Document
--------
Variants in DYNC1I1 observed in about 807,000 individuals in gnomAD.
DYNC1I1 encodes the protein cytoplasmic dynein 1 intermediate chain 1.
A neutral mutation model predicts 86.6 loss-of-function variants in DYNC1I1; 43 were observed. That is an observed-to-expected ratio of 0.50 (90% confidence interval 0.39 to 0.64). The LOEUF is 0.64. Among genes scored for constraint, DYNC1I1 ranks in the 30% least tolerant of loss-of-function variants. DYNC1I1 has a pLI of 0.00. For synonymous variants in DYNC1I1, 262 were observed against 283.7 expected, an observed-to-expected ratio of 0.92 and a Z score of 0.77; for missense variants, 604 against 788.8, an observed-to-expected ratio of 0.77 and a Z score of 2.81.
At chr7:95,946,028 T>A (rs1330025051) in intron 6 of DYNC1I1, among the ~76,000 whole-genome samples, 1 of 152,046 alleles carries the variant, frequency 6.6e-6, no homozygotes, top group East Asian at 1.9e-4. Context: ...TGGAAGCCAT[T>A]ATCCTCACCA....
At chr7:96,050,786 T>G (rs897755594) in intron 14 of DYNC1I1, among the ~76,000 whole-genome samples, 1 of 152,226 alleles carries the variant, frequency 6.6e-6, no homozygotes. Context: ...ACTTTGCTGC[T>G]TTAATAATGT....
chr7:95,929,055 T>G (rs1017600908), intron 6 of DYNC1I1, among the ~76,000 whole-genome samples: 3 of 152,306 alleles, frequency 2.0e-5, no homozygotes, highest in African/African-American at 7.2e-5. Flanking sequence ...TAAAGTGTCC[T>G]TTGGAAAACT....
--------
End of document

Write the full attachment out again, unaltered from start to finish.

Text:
Variants in DYNC1I1 observed in about 807,000 individuals in gnomAD.
DYNC1I1 encodes the protein cytoplasmic dynein 1 intermediate chain 1.
A neutral mutation model predicts 86.6 loss-of-function variants in DYNC1I1; 43 were observed. That is an observed-to-expected ratio of 0.50 (90% confidence interval 0.39 to 0.64). The LOEUF is 0.64. Among genes scored for constraint, DYNC1I1 ranks in the 30% least tolerant of loss-of-function variants. DYNC1I1 has a pLI of 0.00. For synonymous variants in DYNC1I1, 262 were observed against 283.7 expected, an observed-to-expected ratio of 0.92 and a Z score of 0.77; for missense variants, 604 against 788.8, an observed-to-expected ratio of 0.77 and a Z score of 2.81.
At chr7:95,946,028 T>A (rs1330025051) in intron 6 of DYNC1I1, among the ~76,000 whole-genome samples, 1 of 152,046 alleles carries the variant, frequency 6.6e-6, no homozygotes, top group East Asian at 1.9e-4. Context: ...TGGAAGCCAT[T>A]ATCCTCACCA....
At chr7:96,050,786 T>G (rs897755594) in intron 14 of DYNC1I1, among the ~76,000 whole-genome samples, 1 of 152,226 alleles carries the variant, frequency 6.6e-6, no homozygotes. Context: ...ACTTTGCTGC[T>G]TTAATAATGT....
chr7:95,929,055 T>G (rs1017600908), intron 6 of DYNC1I1, among the ~76,000 whole-genome samples: 3 of 152,306 alleles, frequency 2.0e-5, no homozygotes, highest in African/African-American at 7.2e-5. Flanking sequence ...TAAAGTGTCC[T>G]TTGGAAAACT....